Charda Suuraj

Reach for the Light

Story

The Prophecy of the Clock Tower Part 4

Shershah’s aunt led the two boys to a large mansion in the middle of town, close to the palace. They were received by Shershah’s concerned and scolding parents. Shershah’s mother spent an entire hour fussing around both him and the Prince, and then his father spent the same amount of time lecturing them on duty. Soon, a carriage and caretaker from the Palace arrived to escort Kal back to the palace. Arriving at the palace he was greeted by a parade of deferential servants who led him to his father’s study. In typical fashion, the study was unoccupied and Kal was made to wait an hour for his father.

When his father finally rushed into the room, he was rushed and out of breath, “Kal!” he exclaimed, “Sorry to keep you waiting, dear boy, was just finishing a meeting with Minister Faisal.” An awkward pause ensuedwhere kla kept sitting and his father stood in the middle of the study, looking for all the world as if he was struggling to figure out what else to say. “Ah, yes, I head that you led your new tutor on a merry chase through the city this afternoon!” his father exclaimed. “Jolly, good, jolly good, dear boy, but you really must give this one a chance, he’s very qualified you know, Minister Afsal recommended him very highly to me.”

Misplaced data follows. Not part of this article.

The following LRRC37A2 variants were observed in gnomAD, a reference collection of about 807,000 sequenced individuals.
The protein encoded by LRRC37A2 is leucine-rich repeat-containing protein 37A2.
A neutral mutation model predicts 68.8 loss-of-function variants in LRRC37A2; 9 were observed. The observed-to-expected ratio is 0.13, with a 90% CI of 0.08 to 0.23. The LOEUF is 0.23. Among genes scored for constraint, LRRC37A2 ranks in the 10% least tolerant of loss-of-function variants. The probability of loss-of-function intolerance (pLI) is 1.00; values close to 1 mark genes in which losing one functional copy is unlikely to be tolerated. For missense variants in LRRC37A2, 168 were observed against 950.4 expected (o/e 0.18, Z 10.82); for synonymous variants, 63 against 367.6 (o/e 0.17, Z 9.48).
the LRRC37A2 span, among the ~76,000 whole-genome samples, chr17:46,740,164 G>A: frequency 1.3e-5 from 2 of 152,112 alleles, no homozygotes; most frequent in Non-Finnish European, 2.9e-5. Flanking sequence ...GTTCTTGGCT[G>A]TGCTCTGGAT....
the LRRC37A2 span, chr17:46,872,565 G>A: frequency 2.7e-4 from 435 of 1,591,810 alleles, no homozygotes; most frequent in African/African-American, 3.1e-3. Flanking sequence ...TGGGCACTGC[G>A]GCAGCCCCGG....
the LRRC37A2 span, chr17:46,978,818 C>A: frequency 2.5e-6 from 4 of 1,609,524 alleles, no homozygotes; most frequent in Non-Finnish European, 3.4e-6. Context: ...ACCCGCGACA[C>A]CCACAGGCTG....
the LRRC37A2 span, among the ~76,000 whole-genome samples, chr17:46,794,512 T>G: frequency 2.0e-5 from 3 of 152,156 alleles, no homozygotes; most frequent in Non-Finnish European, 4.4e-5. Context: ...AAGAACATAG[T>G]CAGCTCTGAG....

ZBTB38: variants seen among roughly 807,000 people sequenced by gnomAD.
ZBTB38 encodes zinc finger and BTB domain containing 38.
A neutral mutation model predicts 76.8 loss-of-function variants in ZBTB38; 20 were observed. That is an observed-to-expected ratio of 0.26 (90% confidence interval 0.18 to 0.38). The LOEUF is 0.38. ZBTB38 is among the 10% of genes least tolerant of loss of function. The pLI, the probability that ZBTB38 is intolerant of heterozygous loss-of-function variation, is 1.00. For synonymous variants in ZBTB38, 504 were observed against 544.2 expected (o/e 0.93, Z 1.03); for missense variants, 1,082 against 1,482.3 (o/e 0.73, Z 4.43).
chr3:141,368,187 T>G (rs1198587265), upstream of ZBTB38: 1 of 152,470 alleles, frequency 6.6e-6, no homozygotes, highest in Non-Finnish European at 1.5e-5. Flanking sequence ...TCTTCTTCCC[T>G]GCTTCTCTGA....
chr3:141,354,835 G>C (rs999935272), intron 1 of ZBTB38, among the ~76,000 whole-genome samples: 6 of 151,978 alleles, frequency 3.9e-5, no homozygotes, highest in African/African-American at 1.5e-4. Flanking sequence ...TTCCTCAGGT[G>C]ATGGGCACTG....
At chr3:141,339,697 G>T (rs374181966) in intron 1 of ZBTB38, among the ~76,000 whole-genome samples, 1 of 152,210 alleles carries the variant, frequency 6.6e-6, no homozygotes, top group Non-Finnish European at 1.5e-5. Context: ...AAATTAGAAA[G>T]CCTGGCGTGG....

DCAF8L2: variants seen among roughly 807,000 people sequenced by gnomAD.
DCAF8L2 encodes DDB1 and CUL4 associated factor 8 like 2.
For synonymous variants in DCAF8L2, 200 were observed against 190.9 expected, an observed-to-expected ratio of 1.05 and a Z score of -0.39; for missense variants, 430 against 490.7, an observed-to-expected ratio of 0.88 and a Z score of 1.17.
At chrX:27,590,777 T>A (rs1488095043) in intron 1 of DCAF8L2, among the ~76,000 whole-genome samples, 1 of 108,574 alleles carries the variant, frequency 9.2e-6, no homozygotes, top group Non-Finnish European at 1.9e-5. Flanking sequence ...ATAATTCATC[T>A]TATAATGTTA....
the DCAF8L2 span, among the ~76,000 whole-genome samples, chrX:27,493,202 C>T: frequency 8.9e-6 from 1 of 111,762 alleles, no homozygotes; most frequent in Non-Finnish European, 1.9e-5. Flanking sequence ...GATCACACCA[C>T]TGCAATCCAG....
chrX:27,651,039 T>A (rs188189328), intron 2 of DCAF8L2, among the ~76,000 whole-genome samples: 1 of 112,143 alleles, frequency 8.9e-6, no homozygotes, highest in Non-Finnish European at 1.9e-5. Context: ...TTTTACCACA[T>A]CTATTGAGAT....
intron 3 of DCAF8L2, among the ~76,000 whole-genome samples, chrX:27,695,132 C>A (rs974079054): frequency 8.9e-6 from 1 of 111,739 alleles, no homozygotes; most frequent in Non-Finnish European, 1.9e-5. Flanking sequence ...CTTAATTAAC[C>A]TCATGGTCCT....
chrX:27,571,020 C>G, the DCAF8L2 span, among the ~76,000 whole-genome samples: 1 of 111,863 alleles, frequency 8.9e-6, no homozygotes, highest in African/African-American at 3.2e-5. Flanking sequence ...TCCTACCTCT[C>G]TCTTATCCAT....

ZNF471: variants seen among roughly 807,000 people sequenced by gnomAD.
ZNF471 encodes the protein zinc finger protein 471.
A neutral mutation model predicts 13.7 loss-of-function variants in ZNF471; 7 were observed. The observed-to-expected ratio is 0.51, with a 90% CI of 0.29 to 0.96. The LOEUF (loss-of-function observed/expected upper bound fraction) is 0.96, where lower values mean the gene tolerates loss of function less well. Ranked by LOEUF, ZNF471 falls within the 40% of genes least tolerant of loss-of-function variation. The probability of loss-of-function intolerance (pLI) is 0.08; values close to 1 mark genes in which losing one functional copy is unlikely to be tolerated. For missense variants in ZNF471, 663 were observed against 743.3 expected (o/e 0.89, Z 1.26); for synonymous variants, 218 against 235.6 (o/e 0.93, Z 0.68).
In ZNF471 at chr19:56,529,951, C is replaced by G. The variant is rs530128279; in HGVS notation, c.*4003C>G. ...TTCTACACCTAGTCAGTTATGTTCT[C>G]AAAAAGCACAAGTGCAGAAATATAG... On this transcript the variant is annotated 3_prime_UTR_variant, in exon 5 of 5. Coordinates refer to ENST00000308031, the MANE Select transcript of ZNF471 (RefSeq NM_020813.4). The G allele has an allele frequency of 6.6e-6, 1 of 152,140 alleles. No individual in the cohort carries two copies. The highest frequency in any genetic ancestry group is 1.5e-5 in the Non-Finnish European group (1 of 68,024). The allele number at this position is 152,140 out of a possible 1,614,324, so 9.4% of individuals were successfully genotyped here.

“But, father he –“ began Kal.

“There’s nothing wrong with having a bit of fun of course, I’m told you got the highest marks in out of all the noble men last month, you do as you like son.” His father interjected hurriedly before coming forward and awkwardly patting his son’s head. At that moment, the butler’s voice rang out from behind the door, “Your Majesty, Count Daud and his assistant is here for your meeting on the finances required for the barge project.”

“Oh, well, I’ll talk to you later son. Duty calls.”, The Badshah smiled absentmindedly at Kal and without another word left to handle matters of state. Kal did not even get to say goodbye, or tell his father anything about why he did what he did, he was left felling both resentful and guilty about being so.

After his father’s hasty departure, the servants led Kal to get refreshed for dinner, which was served in the small dining room, (it seated just under 300 people). The small dining room was used when there were no formal dinners of state. Kal took a seat in the seat next to the head, already aware that he would be dining alone. His father usually supped with whichever official he was meeting at the time.

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